But I have a problem with this.  Words, concepts, labels – these are very dependent on how we interpret them.  It sort of begs the question really.  What you think you are very much depends on what you think those words and concepts mean.  In other words it is to do with what your personal philosophy about gender is.

This isn’t good enough.  When I “thought” I was a man was I really any different to how I am now?  If I think I’m non binary sometimes but think I’m a woman sometimes does it really mean that my gender changes?  Or is it more likely that a person can be confused or closeted about things?

What we think is shaped by how we interpret the world and the subject of gender.  It cannot then be a reliable or accurate way of deciding what your gender identity is.

For what it’s worth I often have a detached feeling towards this philosophical level of gender identity.  Do I really have a strong sense of myself as a woman?  No, not really.  But then I certainly don’t have any kind of sense, strong or otherwise, of myself as a man.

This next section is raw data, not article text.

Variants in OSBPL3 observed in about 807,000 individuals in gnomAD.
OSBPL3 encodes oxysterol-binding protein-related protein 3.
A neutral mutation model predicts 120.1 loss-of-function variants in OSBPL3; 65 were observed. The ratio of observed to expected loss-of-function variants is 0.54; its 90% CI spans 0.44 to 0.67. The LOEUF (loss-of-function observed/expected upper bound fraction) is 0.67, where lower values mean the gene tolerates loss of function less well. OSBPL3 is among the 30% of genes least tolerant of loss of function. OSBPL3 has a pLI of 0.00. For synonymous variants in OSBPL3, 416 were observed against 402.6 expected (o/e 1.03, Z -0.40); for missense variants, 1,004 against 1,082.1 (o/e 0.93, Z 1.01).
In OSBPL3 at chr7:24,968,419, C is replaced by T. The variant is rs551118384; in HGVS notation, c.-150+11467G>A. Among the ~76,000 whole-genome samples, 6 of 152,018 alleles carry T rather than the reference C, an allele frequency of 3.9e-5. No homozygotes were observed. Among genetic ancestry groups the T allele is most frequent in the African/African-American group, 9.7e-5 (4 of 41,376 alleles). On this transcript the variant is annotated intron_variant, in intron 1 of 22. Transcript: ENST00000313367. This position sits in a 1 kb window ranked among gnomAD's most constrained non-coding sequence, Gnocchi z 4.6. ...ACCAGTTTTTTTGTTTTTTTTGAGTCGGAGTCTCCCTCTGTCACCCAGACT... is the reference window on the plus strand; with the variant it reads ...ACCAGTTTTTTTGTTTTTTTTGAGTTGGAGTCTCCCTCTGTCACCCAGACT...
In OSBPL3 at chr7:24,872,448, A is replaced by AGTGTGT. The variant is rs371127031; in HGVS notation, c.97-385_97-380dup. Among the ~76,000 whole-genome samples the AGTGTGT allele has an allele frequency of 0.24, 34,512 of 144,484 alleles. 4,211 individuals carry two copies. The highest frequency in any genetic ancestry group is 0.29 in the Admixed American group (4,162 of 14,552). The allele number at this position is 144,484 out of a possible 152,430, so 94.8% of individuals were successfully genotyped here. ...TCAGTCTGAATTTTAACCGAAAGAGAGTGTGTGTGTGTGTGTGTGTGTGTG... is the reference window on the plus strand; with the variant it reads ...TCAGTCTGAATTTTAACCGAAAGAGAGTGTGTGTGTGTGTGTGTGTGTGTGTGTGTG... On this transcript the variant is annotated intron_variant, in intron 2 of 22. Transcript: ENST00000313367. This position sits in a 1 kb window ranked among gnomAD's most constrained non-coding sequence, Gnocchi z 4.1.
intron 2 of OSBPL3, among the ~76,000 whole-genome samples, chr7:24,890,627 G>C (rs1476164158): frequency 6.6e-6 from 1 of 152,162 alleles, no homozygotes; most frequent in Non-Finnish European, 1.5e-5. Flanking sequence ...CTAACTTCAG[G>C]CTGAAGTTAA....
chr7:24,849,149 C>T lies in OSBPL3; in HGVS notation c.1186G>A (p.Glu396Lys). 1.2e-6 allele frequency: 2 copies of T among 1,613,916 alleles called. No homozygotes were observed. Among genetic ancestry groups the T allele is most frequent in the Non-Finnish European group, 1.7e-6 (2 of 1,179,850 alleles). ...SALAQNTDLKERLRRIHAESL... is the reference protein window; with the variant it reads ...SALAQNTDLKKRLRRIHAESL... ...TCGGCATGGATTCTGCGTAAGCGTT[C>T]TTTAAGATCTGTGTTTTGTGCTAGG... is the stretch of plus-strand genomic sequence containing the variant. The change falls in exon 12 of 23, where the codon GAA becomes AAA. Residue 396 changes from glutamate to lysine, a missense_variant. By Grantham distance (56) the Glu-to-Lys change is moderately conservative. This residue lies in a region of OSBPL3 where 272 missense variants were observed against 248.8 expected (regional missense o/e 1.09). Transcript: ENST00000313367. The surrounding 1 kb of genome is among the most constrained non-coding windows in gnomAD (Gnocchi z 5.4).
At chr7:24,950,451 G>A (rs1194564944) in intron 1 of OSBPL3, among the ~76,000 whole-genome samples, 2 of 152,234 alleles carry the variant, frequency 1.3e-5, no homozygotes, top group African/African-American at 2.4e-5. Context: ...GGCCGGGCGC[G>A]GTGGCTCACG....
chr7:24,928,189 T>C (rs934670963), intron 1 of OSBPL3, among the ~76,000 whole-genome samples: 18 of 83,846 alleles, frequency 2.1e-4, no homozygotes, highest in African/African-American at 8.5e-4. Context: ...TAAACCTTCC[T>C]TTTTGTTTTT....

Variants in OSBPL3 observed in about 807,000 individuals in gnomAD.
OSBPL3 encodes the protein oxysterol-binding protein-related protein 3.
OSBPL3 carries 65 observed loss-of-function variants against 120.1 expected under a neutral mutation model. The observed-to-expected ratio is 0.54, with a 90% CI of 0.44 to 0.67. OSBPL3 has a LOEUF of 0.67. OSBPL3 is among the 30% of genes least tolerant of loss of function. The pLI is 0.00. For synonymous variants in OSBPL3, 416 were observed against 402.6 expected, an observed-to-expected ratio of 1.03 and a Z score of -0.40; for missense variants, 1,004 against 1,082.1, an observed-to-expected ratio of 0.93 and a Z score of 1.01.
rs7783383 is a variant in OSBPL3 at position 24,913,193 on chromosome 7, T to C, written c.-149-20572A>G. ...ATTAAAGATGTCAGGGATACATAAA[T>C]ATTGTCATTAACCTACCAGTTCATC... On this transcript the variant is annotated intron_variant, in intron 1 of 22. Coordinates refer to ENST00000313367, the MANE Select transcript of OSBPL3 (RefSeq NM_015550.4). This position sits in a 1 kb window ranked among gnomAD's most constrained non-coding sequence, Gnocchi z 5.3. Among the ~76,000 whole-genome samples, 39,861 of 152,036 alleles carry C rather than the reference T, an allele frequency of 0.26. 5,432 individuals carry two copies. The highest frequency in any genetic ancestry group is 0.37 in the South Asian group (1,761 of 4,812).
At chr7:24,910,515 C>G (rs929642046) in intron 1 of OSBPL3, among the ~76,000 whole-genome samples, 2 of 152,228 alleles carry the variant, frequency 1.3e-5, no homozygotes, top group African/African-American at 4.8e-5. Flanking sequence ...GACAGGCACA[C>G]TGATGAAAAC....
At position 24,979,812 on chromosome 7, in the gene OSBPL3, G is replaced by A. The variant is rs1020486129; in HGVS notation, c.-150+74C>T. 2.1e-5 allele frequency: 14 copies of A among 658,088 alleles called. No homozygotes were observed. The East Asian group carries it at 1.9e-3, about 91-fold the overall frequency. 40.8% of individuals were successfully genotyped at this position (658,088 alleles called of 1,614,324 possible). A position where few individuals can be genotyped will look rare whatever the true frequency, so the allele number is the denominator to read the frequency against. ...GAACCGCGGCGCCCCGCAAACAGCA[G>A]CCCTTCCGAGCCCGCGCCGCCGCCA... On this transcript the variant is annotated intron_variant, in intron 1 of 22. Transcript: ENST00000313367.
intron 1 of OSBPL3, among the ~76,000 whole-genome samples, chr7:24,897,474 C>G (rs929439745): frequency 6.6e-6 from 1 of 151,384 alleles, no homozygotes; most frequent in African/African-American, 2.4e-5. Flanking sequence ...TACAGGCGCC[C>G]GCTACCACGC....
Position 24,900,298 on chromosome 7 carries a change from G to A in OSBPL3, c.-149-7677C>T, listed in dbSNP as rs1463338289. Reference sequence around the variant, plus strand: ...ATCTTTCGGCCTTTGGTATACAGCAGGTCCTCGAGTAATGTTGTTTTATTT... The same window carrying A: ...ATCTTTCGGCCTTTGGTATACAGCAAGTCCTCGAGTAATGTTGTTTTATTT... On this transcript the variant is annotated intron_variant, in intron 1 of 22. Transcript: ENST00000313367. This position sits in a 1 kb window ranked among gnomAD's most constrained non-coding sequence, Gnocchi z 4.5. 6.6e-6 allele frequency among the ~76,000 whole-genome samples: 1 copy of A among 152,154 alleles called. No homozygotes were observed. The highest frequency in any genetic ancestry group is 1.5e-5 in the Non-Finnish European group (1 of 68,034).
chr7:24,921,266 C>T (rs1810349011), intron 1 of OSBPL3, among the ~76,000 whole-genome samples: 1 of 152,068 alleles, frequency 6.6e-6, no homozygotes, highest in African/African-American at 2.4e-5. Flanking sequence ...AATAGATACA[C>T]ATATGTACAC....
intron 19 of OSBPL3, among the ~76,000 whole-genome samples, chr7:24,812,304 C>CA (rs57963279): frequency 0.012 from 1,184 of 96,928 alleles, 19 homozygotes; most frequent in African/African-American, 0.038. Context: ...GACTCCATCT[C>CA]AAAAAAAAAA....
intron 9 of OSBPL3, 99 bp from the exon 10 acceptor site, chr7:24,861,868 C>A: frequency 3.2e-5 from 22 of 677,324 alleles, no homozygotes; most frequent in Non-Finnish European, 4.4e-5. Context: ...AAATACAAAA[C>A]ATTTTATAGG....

When pressed on this matter I will claim that I don’t feel especially gendered on the inside.  I feel kind of genderless.  What do I think I am really?  I think I am a human mind of no particular gender that has been forced into a world that makes a big, big deal about all this gender stuff and bombards me with it every day so that it makes me feel like screaming at the insanity of it all.  For that reason I have often identified as genderless, agender, non binary or genderqueer in the past.  But is this an accurate picture of my gender identity or just a reflection of my personal philosophy about gender?  I have a Buddhist kind of detachment from words and labels sometimes and I feel like saying (in the style of the 10th doctor) “wibbly wobbly, gendery wendery”.  But does that really say anything at all about what gender I really am?  Isn’t it a reflection of what I feel and think about the subject of gender, a stance on the matter, rather than any kind of objective truth about my gender identity?  If a person thinks they are a man or a woman on the basis of their genitals, does that necessarily mean that they are a man or a woman on the inside?  What if I swallowed radical feminist ideology whole and started saying I’m a feminine man because a man is an adult human being with a penis and testicles?  Would that really change who I am or just mean that I had been convinced of the philosophy that genitals=gender?